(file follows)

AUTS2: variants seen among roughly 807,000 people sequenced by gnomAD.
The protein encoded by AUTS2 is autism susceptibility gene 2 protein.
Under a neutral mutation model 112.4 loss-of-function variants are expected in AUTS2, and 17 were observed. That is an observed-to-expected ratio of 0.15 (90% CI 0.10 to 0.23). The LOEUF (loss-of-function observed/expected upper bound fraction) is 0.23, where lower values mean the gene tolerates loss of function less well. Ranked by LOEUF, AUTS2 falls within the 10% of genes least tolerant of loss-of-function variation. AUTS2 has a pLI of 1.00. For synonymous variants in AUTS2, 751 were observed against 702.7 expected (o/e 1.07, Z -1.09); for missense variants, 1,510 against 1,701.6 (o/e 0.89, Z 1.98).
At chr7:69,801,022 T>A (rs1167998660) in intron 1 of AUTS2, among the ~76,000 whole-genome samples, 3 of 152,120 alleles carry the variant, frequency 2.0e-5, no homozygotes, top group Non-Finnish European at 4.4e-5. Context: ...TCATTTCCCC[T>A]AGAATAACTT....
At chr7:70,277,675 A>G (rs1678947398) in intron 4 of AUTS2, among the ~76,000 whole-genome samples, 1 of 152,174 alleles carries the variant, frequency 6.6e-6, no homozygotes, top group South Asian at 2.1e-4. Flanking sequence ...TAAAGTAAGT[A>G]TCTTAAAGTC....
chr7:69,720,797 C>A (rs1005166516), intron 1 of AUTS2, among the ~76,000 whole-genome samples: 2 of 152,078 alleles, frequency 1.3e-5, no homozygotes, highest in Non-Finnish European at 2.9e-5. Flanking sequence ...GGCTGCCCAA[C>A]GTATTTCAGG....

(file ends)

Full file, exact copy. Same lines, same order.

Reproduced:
AUTS2: variants seen among roughly 807,000 people sequenced by gnomAD.
The protein encoded by AUTS2 is autism susceptibility gene 2 protein.
Under a neutral mutation model 112.4 loss-of-function variants are expected in AUTS2, and 17 were observed. That is an observed-to-expected ratio of 0.15 (90% CI 0.10 to 0.23). The LOEUF (loss-of-function observed/expected upper bound fraction) is 0.23, where lower values mean the gene tolerates loss of function less well. Ranked by LOEUF, AUTS2 falls within the 10% of genes least tolerant of loss-of-function variation. AUTS2 has a pLI of 1.00. For synonymous variants in AUTS2, 751 were observed against 702.7 expected (o/e 1.07, Z -1.09); for missense variants, 1,510 against 1,701.6 (o/e 0.89, Z 1.98).
At chr7:69,801,022 T>A (rs1167998660) in intron 1 of AUTS2, among the ~76,000 whole-genome samples, 3 of 152,120 alleles carry the variant, frequency 2.0e-5, no homozygotes, top group Non-Finnish European at 4.4e-5. Context: ...TCATTTCCCC[T>A]AGAATAACTT....
At chr7:70,277,675 A>G (rs1678947398) in intron 4 of AUTS2, among the ~76,000 whole-genome samples, 1 of 152,174 alleles carries the variant, frequency 6.6e-6, no homozygotes, top group South Asian at 2.1e-4. Flanking sequence ...TAAAGTAAGT[A>G]TCTTAAAGTC....
chr7:69,720,797 C>A (rs1005166516), intron 1 of AUTS2, among the ~76,000 whole-genome samples: 2 of 152,078 alleles, frequency 1.3e-5, no homozygotes, highest in Non-Finnish European at 2.9e-5. Flanking sequence ...GGCTGCCCAA[C>A]GTATTTCAGG....